Bikemap user Silla Gambardella travelled more then 1.400 km from Riva del Garda, Italy to Barcelona, Spain by bike. Here’s his story!
This year I had 10 days of vacation and I wanted to spend them doing a bicycle trip.
‘’What trip could I do?’’ I asked myself, aware that I didn’t want to book any flight nor to stay too close to home but to explore some distant places.
The solution came by looking at the map of Europe and focusing on two countries that I had excluded last summer: France and Spain.
I calculated that seven days would be enough to reach Barcelona, a city where I could take a ferry to return to Genoa by sea.
And so I did.
I started on August 22nd from Riva del Garda, the city where I live, and from there I first reached Milan and then Ventimiglia. The third day I was already in France: I kept a route parallel to the Côte d’Azur, but more internally, to avoid traffic (the only exception was the Nice Promenade des Anglais).
So I rode the reliefs that anticipate the Maritime Alps crossing the Var region. Here the landscape is very green and the car traffic is smaller. It’s perfect for those who love hilly parths: there are no flat roads, you can only climb or descent.
Obviously it’s just a moderate climb, but at the end of the day the difference in altitude will be felt in the legs.
The fourth stage brought me from Brignoles to Nimes. This time I left the hilly paths and I pedaled most of the time on secondary roads. Here in France, the “Nationales” (national roads) often have a large lane dedicated to bicycles and therefore I have always felt quite confident.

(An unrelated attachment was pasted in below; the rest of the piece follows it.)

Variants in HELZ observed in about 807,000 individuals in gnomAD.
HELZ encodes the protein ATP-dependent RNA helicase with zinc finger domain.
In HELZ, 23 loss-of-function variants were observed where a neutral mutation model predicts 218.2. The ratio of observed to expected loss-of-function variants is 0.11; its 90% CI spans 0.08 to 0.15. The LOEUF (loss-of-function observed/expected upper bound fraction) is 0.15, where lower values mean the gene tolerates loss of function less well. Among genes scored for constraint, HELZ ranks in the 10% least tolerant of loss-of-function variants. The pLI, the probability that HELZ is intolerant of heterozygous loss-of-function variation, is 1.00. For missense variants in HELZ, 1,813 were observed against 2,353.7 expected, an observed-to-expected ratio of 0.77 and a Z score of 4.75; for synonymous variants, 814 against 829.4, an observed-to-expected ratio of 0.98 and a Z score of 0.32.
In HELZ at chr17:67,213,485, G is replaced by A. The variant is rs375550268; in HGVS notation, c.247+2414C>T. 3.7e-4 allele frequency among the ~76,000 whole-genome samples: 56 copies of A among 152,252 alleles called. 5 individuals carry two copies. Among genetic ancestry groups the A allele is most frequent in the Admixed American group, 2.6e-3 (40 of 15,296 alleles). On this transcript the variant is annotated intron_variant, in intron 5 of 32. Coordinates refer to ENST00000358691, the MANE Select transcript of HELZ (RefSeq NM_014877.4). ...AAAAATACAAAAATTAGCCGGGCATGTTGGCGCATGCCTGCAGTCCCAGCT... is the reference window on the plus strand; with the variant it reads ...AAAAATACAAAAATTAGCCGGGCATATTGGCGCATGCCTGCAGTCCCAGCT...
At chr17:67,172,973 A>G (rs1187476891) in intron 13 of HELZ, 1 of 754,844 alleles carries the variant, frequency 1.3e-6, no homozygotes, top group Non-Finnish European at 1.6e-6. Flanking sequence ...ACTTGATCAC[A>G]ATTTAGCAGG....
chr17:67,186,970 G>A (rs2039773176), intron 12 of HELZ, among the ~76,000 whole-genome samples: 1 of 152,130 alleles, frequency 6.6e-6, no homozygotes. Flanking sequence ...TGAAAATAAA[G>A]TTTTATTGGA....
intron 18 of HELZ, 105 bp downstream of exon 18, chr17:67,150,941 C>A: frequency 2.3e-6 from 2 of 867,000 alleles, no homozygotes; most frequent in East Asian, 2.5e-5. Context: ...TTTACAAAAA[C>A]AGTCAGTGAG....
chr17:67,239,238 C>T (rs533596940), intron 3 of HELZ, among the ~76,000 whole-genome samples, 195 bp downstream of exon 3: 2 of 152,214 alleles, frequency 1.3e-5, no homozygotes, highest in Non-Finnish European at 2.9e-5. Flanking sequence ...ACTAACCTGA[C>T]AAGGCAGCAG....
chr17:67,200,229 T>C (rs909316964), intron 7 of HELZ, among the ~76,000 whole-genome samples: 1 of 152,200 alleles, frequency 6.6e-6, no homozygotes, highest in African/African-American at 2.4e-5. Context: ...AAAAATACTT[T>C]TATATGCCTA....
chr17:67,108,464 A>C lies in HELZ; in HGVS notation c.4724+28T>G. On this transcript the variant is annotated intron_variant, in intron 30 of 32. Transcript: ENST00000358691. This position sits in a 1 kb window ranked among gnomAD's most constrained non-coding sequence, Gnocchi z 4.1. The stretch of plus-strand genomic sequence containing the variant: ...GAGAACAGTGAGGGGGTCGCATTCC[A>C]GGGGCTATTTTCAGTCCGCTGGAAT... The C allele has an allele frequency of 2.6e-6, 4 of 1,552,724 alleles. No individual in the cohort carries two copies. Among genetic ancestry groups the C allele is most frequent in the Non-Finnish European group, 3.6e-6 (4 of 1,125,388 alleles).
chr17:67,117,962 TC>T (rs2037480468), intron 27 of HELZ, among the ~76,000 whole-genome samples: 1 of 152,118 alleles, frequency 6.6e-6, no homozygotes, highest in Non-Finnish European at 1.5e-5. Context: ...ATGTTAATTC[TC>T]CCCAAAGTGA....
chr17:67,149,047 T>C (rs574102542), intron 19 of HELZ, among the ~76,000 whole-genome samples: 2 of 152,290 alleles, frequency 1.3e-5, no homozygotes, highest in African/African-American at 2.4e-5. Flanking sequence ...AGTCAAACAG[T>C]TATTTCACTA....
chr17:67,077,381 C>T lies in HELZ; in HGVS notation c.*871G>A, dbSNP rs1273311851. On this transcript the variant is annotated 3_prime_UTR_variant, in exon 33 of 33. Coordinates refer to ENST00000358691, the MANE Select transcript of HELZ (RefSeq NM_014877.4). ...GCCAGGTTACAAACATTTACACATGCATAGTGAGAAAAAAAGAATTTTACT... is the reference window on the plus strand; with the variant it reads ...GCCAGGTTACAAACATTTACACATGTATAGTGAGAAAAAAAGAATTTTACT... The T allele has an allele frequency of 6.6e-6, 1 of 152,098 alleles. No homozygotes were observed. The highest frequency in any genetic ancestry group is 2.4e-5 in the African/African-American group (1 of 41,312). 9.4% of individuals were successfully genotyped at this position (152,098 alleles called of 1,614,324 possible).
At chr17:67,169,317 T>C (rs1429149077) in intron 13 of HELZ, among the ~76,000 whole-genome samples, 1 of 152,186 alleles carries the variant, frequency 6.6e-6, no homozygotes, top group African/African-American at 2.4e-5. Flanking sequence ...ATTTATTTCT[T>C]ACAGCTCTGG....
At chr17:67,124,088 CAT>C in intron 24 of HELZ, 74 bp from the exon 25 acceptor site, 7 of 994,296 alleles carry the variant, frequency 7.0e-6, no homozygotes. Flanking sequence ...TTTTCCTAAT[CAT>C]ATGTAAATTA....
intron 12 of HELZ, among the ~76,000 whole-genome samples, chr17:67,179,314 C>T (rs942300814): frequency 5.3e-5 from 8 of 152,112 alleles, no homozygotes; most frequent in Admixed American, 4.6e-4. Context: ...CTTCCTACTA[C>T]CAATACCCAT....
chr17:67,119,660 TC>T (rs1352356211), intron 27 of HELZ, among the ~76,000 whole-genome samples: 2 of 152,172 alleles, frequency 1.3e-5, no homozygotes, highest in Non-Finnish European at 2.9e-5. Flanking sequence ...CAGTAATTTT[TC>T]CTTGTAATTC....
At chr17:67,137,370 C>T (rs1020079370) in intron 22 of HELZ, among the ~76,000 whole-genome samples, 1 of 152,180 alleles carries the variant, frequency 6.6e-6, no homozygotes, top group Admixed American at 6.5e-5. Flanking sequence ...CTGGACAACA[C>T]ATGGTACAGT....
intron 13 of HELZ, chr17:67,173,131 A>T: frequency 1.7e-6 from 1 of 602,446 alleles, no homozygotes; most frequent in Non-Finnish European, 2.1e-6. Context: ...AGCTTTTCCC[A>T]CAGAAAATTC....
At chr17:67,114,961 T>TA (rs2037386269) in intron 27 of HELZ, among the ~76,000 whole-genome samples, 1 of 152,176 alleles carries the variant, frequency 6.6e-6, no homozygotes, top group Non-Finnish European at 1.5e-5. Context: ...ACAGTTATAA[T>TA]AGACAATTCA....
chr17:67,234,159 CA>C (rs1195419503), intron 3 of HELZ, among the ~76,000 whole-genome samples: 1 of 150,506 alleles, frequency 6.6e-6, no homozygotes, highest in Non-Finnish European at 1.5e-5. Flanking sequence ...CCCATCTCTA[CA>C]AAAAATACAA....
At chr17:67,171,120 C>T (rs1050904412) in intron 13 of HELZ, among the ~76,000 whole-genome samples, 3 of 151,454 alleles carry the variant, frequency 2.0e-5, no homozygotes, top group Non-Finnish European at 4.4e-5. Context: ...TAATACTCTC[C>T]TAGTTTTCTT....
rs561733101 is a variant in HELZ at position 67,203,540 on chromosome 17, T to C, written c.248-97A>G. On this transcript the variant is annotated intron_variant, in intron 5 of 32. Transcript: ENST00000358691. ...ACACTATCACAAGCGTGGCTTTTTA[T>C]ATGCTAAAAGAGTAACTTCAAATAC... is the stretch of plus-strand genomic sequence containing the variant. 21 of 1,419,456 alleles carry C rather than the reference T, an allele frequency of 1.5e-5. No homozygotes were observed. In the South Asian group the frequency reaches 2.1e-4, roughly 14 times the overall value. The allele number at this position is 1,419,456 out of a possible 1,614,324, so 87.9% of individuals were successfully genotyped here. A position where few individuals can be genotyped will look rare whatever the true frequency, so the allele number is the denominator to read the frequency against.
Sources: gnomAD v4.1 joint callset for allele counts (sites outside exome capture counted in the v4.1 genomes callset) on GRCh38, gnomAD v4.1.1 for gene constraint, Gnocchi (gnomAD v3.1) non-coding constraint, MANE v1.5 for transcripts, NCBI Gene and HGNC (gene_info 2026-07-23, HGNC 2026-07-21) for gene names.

Nimes is a city of Romanesque origin. After the conquest of the Gauls, Giulio Cesare invested Nimes as the “capital” of the Transalpine territories and built here an amphitheater that remembers the Colosseum. This is why it’s nicknamed “the Rome of France”.
On the fifth day I moved from Nimes to Carcassonne, crossing the Petite Camargue. In the video you can admire a dirt track on a land tongue that runs along one of the many canals in the region.
The Camargue is the largest river delta in Europe and cycling there is very fascinating.
I arrived late in the evening (it was my longest stage, over 240km) and that’s why I visited Carcassonne in a bit of a hurry. It would have deserved more time for a visit.
Also because of a roadmap that left me too little time for long pauses, I decided to go from the early morning in the direction of the Pyrenees.
I’ve got them out of Mont Luis, which is in the heart of the Catalan Pyrenees Regional Park. I have been climbing for more than 40 km, but always with moderate and regular slopes, so as to make the rise easy and not to force in low gears.
The first Spanish city I met was Piugcerda. In the evening I slept in Ripoll and the next morning I faced the last, easy stop: a poor 130 km, all in a slight downhill straight to the Mediterranean Sea, arriving in Barcelona.
I stopped in Barcelona for two nights and I had a whole day to sightsee on foot. Then I boarded in the ferry to Genoa: I spent 93 euros (a seat in a chair) for a journey of about 20 hours.
The bicycle transport on the ferry is free.
Unlike my previous bicycle trip in Europe, which I had faced with handbags supported by frames, this time I decided to travel light and to try bikepacking, so with bags fixed directly to the bike tubes. I opted for a saddle bag, a frame bag, and a small bag that is fixed over the horizontal tube near the handlebars.
Trying to bring everything you need and nothing superfluous!
Here’s my checklist for this summer bike trip:
- 2 full summer jerseys
- helmet, gloves, sunglasses
- windproof gilet
- waterproof jacket
- waterproof shoecovers
- 2 inner tubes, tire lever
- patches, repair kit
- allen keys
- 2 t-shirts
- 1 bermuda shorts
- toothbrush, toothpaste, razor, etc.
- just everything a man could need
- cell phone with Bikemap app
- gopro camera
- various chargers
Other important stuff:
- front and rear lights
- 2 water bottles
- notebook and pen
- multipurpose knife + cutlery
Thank you for sharing your story with us, Silla!
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